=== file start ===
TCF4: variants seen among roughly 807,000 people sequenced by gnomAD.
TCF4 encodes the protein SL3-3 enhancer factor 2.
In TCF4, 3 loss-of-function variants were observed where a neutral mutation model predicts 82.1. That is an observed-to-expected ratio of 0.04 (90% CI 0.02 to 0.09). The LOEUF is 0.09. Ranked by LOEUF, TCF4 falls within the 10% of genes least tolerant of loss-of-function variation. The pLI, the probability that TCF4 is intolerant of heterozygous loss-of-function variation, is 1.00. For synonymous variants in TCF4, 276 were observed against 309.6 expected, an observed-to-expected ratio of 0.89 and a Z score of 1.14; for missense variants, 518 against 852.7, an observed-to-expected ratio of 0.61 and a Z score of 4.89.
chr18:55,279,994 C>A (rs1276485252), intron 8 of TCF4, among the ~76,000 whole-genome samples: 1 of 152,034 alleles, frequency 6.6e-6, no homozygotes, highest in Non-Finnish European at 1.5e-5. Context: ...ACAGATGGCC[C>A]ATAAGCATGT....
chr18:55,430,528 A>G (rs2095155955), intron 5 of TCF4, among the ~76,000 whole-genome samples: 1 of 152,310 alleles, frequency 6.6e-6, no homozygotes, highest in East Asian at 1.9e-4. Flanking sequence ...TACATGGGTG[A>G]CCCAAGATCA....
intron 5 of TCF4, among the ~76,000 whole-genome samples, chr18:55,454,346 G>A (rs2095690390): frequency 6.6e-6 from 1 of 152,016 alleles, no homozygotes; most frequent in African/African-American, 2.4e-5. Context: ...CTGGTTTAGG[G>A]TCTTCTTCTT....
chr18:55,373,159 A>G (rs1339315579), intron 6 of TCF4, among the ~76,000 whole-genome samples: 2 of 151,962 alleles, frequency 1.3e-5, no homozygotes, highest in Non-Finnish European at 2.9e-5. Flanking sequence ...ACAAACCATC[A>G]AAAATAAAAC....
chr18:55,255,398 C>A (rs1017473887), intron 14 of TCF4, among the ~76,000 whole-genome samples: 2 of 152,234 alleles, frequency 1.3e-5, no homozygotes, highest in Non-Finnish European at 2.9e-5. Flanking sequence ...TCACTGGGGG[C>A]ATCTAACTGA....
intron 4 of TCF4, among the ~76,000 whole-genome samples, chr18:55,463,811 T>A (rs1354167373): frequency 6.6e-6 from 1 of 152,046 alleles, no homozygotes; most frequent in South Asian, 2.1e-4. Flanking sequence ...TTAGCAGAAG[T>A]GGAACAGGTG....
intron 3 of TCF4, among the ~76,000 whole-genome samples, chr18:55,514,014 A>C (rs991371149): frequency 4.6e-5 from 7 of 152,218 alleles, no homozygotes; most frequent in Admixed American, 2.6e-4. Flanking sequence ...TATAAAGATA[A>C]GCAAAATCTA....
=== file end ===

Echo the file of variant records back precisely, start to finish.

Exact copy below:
TCF4: variants seen among roughly 807,000 people sequenced by gnomAD.
TCF4 encodes the protein SL3-3 enhancer factor 2.
In TCF4, 3 loss-of-function variants were observed where a neutral mutation model predicts 82.1. That is an observed-to-expected ratio of 0.04 (90% CI 0.02 to 0.09). The LOEUF is 0.09. Ranked by LOEUF, TCF4 falls within the 10% of genes least tolerant of loss-of-function variation. The pLI, the probability that TCF4 is intolerant of heterozygous loss-of-function variation, is 1.00. For synonymous variants in TCF4, 276 were observed against 309.6 expected, an observed-to-expected ratio of 0.89 and a Z score of 1.14; for missense variants, 518 against 852.7, an observed-to-expected ratio of 0.61 and a Z score of 4.89.
chr18:55,279,994 C>A (rs1276485252), intron 8 of TCF4, among the ~76,000 whole-genome samples: 1 of 152,034 alleles, frequency 6.6e-6, no homozygotes, highest in Non-Finnish European at 1.5e-5. Context: ...ACAGATGGCC[C>A]ATAAGCATGT....
chr18:55,430,528 A>G (rs2095155955), intron 5 of TCF4, among the ~76,000 whole-genome samples: 1 of 152,310 alleles, frequency 6.6e-6, no homozygotes, highest in East Asian at 1.9e-4. Flanking sequence ...TACATGGGTG[A>G]CCCAAGATCA....
intron 5 of TCF4, among the ~76,000 whole-genome samples, chr18:55,454,346 G>A (rs2095690390): frequency 6.6e-6 from 1 of 152,016 alleles, no homozygotes; most frequent in African/African-American, 2.4e-5. Context: ...CTGGTTTAGG[G>A]TCTTCTTCTT....
chr18:55,373,159 A>G (rs1339315579), intron 6 of TCF4, among the ~76,000 whole-genome samples: 2 of 151,962 alleles, frequency 1.3e-5, no homozygotes, highest in Non-Finnish European at 2.9e-5. Flanking sequence ...ACAAACCATC[A>G]AAAATAAAAC....
chr18:55,255,398 C>A (rs1017473887), intron 14 of TCF4, among the ~76,000 whole-genome samples: 2 of 152,234 alleles, frequency 1.3e-5, no homozygotes, highest in Non-Finnish European at 2.9e-5. Flanking sequence ...TCACTGGGGG[C>A]ATCTAACTGA....
intron 4 of TCF4, among the ~76,000 whole-genome samples, chr18:55,463,811 T>A (rs1354167373): frequency 6.6e-6 from 1 of 152,046 alleles, no homozygotes; most frequent in South Asian, 2.1e-4. Flanking sequence ...TTAGCAGAAG[T>A]GGAACAGGTG....
intron 3 of TCF4, among the ~76,000 whole-genome samples, chr18:55,514,014 A>C (rs991371149): frequency 4.6e-5 from 7 of 152,218 alleles, no homozygotes; most frequent in Admixed American, 2.6e-4. Flanking sequence ...TATAAAGATA[A>C]GCAAAATCTA....